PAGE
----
Now accepting Blue Cross Blue Shield, United Health, Aetna  and Medicare for On-Site  Immunizations  Call 214-556-4090

Routine Immunizations

Our highly skilled registered nurses  treat each patient with compassion and dignity.   North Texas Flu Shots  is committed to listening to each patient's concerns and making sure every single patient is comfortable before receiving any vaccinations.

Flu Immunizations:

Flu Shots:    We have flu vaccinations for 6 months and older with and without thimerosol.  Brands include Sanofi, GSK and Novartis.

Flu Mist:   LAIV (FluMist®) is approved for use in healthy* people 2-49 years of age who are not pregnant.

High Dose Flu Shot:   Fluzone High-Dose is a new influenza vaccine, manufactured by Sanofi Pasteur Inc., designed specifically for people 65 years and older.

Quadrivalent Flu Shot:  The Quadrivalent  flu vaccine contains 4 flu vaccine strains instead of the typical 3 strains.   It provides greater likelihood of preventing a patient from contracting the flu from a flu virus..

Other Immunizations:

Hepatitis A  (This is now part of the routine immunization schedule for children required for school admission)  2 shots provide up to a lifetime of immunity. Hepatitis A is a viral disease transmitted via contaminated food and water. The Hepatitis A virus can be found worldwide, even in the United States. Countries with high or imminent risk are found in Asia, Africa, the Caribbean, Central and South America, and Eastern Europe. Hepatitis A is a liver disease caused by the hepatitis A virus. Hepatitis A can affect anyone. In the United States, hepatitis A can occur in situations ranging from isolated cases of disease to widespread epidemics. Good personal hygiene and proper sanitation can help prevent hepatitis A. Vaccines are also available for long-term prevention of hepatitis A virus infection in persons 12 months of age and older.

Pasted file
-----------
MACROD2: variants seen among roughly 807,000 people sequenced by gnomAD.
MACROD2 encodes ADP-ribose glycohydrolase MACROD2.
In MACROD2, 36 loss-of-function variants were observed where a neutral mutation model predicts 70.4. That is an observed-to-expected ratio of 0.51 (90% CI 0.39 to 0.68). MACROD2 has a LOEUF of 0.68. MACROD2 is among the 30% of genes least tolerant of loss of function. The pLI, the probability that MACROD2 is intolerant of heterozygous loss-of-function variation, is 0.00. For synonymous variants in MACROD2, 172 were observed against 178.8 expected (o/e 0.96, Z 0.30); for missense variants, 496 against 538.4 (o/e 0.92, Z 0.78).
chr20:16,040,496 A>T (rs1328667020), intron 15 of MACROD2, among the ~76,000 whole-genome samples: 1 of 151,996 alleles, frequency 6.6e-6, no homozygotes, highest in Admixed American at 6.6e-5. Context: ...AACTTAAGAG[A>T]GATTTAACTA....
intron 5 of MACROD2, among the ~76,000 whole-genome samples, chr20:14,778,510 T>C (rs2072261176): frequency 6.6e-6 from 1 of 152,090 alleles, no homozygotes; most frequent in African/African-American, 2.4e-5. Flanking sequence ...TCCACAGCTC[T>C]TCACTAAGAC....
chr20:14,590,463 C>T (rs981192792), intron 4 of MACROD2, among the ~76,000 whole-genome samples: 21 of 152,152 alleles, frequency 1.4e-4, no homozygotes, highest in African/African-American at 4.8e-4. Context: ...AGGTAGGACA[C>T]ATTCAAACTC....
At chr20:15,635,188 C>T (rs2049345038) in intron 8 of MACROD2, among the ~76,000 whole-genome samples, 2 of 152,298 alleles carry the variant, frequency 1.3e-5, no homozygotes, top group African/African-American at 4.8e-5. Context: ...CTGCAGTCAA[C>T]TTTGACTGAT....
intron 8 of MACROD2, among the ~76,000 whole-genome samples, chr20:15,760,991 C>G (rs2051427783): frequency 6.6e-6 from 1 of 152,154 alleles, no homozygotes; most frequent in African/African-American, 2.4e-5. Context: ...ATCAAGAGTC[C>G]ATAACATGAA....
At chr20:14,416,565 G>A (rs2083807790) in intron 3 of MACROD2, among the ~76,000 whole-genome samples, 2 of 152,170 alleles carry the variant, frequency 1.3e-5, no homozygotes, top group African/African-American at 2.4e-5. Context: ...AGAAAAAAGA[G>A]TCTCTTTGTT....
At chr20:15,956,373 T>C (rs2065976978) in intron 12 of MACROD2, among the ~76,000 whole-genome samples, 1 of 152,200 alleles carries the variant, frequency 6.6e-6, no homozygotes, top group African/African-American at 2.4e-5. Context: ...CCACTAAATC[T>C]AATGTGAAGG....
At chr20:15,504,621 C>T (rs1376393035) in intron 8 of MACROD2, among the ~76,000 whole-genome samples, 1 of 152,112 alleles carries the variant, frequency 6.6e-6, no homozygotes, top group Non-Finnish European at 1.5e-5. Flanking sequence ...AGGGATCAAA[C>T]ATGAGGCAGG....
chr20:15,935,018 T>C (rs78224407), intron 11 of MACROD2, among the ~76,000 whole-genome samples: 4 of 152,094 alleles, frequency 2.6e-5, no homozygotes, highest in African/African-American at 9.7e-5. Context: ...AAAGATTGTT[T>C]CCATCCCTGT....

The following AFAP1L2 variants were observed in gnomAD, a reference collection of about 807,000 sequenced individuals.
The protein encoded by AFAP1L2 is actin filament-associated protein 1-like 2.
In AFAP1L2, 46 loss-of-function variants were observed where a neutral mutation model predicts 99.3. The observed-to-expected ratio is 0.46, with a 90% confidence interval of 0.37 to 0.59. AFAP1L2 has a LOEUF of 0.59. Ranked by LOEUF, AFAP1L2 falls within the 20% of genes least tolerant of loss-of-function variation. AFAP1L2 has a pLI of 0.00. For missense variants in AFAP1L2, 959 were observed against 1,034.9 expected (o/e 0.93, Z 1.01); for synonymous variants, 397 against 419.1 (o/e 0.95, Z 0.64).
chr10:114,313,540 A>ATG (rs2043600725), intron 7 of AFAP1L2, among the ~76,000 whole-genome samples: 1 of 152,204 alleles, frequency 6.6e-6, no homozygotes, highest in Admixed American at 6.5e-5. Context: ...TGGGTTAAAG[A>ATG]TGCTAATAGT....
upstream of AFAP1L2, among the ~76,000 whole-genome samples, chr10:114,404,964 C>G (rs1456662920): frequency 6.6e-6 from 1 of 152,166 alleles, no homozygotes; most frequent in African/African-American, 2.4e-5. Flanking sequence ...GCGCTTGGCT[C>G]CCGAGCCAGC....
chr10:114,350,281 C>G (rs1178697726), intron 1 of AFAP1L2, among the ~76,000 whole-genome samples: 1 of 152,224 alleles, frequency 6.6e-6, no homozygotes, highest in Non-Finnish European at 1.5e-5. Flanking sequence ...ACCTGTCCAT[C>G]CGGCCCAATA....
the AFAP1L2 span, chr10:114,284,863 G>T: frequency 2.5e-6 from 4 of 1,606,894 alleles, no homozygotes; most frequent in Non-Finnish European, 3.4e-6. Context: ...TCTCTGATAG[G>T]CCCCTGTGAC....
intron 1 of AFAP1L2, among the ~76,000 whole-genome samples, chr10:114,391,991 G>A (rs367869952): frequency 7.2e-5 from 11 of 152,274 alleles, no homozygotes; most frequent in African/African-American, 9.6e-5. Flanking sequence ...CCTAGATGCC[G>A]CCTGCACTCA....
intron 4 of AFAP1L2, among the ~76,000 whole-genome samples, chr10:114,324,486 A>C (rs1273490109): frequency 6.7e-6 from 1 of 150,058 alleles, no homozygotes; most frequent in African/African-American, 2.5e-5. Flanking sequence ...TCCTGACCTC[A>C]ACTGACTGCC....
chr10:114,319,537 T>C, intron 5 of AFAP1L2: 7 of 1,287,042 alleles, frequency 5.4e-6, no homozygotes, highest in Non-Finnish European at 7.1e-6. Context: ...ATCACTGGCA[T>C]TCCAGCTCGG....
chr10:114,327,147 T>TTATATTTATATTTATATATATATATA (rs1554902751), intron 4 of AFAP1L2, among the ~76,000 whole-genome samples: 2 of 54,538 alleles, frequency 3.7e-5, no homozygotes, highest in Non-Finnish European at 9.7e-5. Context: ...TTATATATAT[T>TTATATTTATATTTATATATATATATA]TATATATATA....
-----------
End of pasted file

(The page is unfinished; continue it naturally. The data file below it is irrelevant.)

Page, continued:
Hepatitis B  (This is now part of the routine immunization schedule for children required for school admission)  2 shots provide up to a lifetime of immunity.  Hepatitis B is a virus transmitted through contact with blood and/or body fluids. Risk for exposure to Hepatitis B is worldwide. Hepatitis B is a serious disease caused by a virus that attacks the liver. The virus, which is called hepatitis B virus (HBV), can cause lifelong infection, cirrhosis (scarring) of the liver, liver cancer, liver failure, and death. Hepatitis B vaccine is available for all age groups to prevent hepatitis B virus infection.

HPV:  The vaccine, Gardasil®, is the first vaccine developed to prevent cervical cancer, precancerous genital lesions, and genital warts due to HPV. The Advisory Committee on Immunization Practices (ACIP) recommends routine vaccination for girls 11-12 years of age. The ACIP recommendation also allows for vaccination of girls beginning at nine years old as well as vaccination of girls and women 13-26 years old. Gardasil can prevent cervical cancer.

Meningitis: is an infection of the fluid of a person's spinal cord and the fluid that surrounds the brain. People sometimes refer to it as spinal meningitis. Meningitis is usually caused by a viral or bacterial infection. Knowing whether meningitis is caused by a virus or bacterium is important because the severity of illness and the treatment differ. Viral meningitis is generally less severe and resolves without specific treatment, while bacterial meningitis can be quite severe and may result in brain damage, hearing loss, or learning disability. Some forms of bacterial meningitis are contagious. The meningitis bacteria are spread through the exchange of respiratory and throat secretions (i.e., coughing, kissing). Fortunately, none of the bacteria that cause meningitis are as contagious as things like the common cold or the flu, and they are not spread by casual contact or by simply breathing the air where a person with meningitis has been. This disease frequently occurs in large epidemics in developing countries. Overseas travelers should check to see if meningococcal vaccine is recommended for their destination. Meningitis has been endemic in India recently.